Year after year, because of Medicare’s flawed sustainable growth rate (SGR) formula, physicians face significant cuts in Medicare reimbursement. And time and time again, Congress intervenes with a short-term “fix” to prevent these steep cuts. In fact, Congress has employed 17 temporary fixes to override SGR pay cuts over the last 10 years. All these band-aid solutions for fixing the physician payment system only equate to an outcome of hurting patient access to care and adding uncertainty into our Medicare system.
But, maybe the time has finally come for Congress to do its job and fix the SGR problems once and for all. In recent weeks, the topic of the SGR has really begun to heat up and there have been lots of moving parts happening around Washington.
On Feb. 5, 2013, the Congressional Budget Office (CBO) released “The Budget and Economic Outlook: Fiscal Years 2013 to 2023,” which significantly lowered its estimate of the cost to permanently repeal the SGR formula. So what is the magic number? Well, the cost to repeal the SGR formula is now $138 billion over 10 years, down from $244 billion which is due to lower than expected growth in Medicare physician spending.
On Feb. 6, 2013, Reps. Allyson Schwartz (D-PA) and Joe Heck, DO, (R-NV) reintroduced the “Medicare Physician Payment Innovation Act of 2013,” (HR 574). This legislation seeks to end the SGR formula, reward high-quality care and lower health care costs.
On Feb. 7, 2013, the U.S. House Ways and Means and Energy and Commerce Committees released a promising framework for SGR reform entitled, “Overview of SGR Repeal and Reform Proposal.” In a nut shell, the proposal would repeal the SGR and replace it with a new fee-for-service program that would be based on the quality and efficiency of care (of course it’s a bit more complex than that, but given all the details haven’t been fleshed out let’s stick to that description).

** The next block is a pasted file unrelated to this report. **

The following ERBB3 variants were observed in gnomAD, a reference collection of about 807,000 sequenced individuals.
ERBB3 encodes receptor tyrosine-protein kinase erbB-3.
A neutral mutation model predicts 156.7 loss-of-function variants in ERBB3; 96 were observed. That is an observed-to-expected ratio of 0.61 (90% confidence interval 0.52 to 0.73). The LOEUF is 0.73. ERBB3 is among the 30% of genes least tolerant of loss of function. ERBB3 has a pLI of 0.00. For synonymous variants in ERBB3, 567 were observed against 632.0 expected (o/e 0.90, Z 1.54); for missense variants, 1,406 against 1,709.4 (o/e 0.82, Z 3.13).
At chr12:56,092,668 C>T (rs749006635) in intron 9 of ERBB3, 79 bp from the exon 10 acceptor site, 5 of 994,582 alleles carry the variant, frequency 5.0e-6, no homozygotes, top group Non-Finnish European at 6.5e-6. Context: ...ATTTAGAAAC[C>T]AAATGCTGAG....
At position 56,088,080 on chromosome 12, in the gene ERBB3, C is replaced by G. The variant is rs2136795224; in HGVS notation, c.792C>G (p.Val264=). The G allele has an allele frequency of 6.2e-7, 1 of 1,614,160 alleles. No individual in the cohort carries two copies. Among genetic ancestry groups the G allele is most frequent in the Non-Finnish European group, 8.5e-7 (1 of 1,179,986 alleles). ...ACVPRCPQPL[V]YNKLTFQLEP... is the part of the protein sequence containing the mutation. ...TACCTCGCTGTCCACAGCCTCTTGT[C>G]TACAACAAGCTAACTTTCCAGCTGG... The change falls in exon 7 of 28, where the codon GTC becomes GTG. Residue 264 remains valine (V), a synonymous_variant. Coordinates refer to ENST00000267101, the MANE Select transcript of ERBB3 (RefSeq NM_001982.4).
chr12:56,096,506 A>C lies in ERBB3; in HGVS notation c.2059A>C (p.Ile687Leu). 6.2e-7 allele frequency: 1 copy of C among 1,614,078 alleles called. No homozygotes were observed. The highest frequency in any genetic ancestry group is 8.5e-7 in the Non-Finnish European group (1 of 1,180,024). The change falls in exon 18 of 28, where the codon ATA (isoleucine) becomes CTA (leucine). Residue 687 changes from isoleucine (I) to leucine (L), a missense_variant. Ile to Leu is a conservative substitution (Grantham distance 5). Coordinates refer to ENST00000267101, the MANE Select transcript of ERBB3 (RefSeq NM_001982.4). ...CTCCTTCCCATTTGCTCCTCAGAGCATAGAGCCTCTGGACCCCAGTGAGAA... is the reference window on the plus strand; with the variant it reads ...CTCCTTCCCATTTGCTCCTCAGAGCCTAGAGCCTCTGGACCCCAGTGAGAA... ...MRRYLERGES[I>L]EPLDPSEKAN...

Today, the House Energy and Commerce Health Subcommittee will hold a hearing titled, “SGR: Data, Measures and Models; Building a Future Medicare Physician Payment System.” The hearing begins at 10:15 AM EST and while it’s unknown what will occur, you can watch a live feed here.
So with all this action on the SGR, neurosurgeons can only hope that Congress and all its counterparts are gearing up to replace the Medicare physician payment formula with a stable mechanism for reimbursing physicians thereby creating a delivery system which will promote high-quality, high-value, better-coordinated care to our patients. And, honestly, we couldn’t think of anything better then to have SGR reform be our Valentine this year (well, maybe IPAB repeal, but that’s a whole other can of worms).